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An international panel of researchers recommends that patients with neuropathic pain receive any of five first-line drugs for initial pain control: an opioid, tricyclic antidepressant, gabapentin, topical lidocaine, or tramadol.
Participants in the Fourth International Conference on the Mechanisms and Treatment of Neuropathic Pain reviewed published information to devise treatment recommendations for people with neuropathic pain. Their guidelines, published in the Archives of Neurology, also review sequential and combination therapy with first-line drugs and the benefits and risks of second-line medications (other anticonvulsant medications and antidepressants).
As many as 50% of primary care providers consider nonsteroidal anti-inflammatory drugs (NSAIDs) a first-line treatment for neuropathic pain, researchers report, even though NSAIDs aren't effective for neuropathic pain and carry a significant risk of adverse reactions. When choosing a drug, health care providers should consider its efficacy, cost, adverse effects, ease of use, and interactions with other drugs. Those who lack expertise in treating neuropathic pain should refer patients to another practitioner with skill in pain assessment and treatment, such as a neurologist or anesthesiologist.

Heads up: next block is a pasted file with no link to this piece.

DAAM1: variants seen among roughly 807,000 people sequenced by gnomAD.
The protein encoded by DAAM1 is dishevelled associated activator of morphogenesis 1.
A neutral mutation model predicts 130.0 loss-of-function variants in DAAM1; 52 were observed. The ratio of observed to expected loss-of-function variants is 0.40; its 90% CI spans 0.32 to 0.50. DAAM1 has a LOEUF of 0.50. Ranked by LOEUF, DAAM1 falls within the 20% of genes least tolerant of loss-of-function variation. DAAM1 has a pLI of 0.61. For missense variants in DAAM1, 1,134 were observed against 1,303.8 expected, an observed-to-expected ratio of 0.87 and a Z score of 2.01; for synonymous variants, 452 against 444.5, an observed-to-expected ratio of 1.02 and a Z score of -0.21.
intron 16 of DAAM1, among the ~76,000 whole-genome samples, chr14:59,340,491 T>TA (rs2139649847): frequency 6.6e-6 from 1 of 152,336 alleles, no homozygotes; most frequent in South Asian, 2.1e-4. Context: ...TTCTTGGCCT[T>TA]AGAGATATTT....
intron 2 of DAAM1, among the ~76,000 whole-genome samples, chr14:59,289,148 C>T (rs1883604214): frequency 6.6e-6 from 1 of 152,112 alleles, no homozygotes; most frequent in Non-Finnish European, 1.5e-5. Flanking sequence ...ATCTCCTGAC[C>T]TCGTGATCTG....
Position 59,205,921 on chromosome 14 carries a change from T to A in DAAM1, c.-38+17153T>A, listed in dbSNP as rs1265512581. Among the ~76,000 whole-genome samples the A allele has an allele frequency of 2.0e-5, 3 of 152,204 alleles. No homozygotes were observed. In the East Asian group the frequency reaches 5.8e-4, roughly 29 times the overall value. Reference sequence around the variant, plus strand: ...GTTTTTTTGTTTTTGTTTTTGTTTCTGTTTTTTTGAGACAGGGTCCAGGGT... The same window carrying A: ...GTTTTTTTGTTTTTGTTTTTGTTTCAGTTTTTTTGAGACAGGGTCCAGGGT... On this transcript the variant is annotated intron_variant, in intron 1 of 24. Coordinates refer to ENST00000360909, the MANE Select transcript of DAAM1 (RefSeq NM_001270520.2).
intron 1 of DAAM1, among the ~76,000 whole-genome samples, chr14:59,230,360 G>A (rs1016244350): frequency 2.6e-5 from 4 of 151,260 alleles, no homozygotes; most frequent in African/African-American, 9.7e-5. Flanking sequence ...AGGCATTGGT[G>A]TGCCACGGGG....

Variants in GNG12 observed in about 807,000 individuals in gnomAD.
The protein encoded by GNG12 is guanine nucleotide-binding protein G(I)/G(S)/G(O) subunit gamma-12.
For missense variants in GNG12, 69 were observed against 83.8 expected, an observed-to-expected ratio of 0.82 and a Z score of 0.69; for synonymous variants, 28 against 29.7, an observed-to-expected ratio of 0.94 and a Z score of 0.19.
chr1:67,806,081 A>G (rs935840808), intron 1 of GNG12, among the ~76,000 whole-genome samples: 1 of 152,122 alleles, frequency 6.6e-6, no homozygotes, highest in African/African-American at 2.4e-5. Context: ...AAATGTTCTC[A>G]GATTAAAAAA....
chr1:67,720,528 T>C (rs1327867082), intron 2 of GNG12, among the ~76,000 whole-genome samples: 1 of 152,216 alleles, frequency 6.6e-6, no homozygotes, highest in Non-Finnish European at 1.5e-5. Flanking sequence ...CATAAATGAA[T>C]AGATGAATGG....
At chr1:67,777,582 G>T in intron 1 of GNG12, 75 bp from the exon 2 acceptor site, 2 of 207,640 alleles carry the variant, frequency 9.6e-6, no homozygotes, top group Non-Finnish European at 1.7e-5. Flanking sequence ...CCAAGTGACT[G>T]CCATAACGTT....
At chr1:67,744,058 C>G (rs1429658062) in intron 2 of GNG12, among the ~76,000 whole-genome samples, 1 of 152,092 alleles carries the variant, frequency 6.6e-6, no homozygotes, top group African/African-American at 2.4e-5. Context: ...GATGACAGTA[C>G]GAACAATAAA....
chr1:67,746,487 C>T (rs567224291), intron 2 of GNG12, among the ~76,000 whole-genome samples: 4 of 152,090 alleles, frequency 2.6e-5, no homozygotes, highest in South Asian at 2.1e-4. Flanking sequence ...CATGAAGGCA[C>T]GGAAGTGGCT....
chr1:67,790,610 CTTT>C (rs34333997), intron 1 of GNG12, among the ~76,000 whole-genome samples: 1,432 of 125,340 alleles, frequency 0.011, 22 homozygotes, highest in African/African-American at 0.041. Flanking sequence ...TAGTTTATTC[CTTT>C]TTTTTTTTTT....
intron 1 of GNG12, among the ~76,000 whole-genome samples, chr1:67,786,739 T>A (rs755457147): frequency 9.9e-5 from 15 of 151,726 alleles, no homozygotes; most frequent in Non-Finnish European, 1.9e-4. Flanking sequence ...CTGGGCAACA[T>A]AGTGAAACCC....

Advances in Neuropathic Pain," Archives of Neurology, R. Dworkin, et al., November 2003.
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